Babyshambles release new (but all too familiar) material

A couple of days ago, Babyshambles put a track from their upcoming album onto Youtube, 'Farmer's Daughter' from September's Sequel to the Prequel. This followed the unveiling of the new single, 'Nothing Comes to Nothing', their first single since 'You Talk' reached UK chart #54*, their lowest chart hit to date. This observation may seem superfluous, but the song's chart position was indicative of its low popularity within Babyshambles' fanbase: 2007's Shotter's Nation, produced by Stephen Street (who produced the slick indie of acts such as Blur, Kaiser Chiefs and The Ordinary Boys), disappointed original fans because of its cleanness - to a lot of people, it just sounded uninspired. I liked the second album, but 2004's Down in Albion has lingered in my affections for longer, not for its rawness of sound but for its rawness of emotion, its lyrical brashness and the way that the scanty production allowed the crack(s) to show through. Album Two was certainly lacking in something, though great tracks like 'There She Goes' and 'Carry on Up the Morning' made up for it.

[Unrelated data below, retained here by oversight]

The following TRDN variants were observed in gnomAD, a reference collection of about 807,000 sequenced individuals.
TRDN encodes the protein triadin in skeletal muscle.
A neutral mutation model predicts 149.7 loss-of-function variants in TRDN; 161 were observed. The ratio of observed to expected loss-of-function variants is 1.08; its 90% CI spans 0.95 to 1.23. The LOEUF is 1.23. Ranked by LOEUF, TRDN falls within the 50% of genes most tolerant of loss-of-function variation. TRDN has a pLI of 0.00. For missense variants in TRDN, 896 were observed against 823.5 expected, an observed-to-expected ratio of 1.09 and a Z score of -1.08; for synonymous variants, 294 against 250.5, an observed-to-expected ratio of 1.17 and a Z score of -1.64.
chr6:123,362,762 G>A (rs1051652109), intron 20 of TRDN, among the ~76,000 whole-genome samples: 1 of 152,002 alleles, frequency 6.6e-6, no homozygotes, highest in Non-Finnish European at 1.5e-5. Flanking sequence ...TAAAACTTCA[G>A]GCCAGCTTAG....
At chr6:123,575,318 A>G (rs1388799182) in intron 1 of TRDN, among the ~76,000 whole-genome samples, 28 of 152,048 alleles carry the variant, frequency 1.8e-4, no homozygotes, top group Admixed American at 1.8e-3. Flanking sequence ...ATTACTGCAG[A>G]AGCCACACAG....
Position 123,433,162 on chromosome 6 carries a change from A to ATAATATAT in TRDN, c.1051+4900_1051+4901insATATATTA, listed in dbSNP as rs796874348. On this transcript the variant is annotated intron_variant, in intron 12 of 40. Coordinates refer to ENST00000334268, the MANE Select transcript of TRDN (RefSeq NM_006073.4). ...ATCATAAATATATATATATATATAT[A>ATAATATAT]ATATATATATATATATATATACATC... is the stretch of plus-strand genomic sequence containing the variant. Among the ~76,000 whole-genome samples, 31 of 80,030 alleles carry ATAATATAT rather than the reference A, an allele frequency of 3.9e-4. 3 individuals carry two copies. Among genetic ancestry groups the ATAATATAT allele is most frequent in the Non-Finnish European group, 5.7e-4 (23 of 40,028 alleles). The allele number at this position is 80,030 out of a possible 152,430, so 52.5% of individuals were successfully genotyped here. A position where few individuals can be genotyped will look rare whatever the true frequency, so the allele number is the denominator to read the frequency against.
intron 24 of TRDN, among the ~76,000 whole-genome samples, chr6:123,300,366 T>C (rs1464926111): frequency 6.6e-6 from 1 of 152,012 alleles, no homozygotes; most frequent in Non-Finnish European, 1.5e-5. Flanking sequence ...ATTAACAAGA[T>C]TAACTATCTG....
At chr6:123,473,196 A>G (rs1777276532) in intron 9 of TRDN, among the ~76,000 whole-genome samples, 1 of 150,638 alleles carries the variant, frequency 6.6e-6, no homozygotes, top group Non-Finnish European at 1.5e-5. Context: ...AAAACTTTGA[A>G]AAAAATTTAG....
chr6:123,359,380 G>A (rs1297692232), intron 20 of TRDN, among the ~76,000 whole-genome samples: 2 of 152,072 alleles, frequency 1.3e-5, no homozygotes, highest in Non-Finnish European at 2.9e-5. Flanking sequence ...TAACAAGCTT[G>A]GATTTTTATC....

The Youtube commentariat have already cast their vote on 'Nothing Comes to Nothing', and it looks like the disappointment surrounding Shotter's Nation might be up for a renewal. A commenter named Jordan Schmidt announced, "they really nailed that Generic-Indie-Rock sound", whilst Keith Lennox wrote "meh, it's okay, nothing more than that". A more moderate commentator suggested that "the middle of the road is nothing to shy away from". Most fans were crueller. "The old, classic and messy Babyshambles sold out", Jack Davies claims, and one typical voice asked "Where are the bum notes and the passion of the off key vocals..." A lot of those claiming to like the song sound like apologists, one summarising: "fuck man doherty has to make a living somehow". Quite.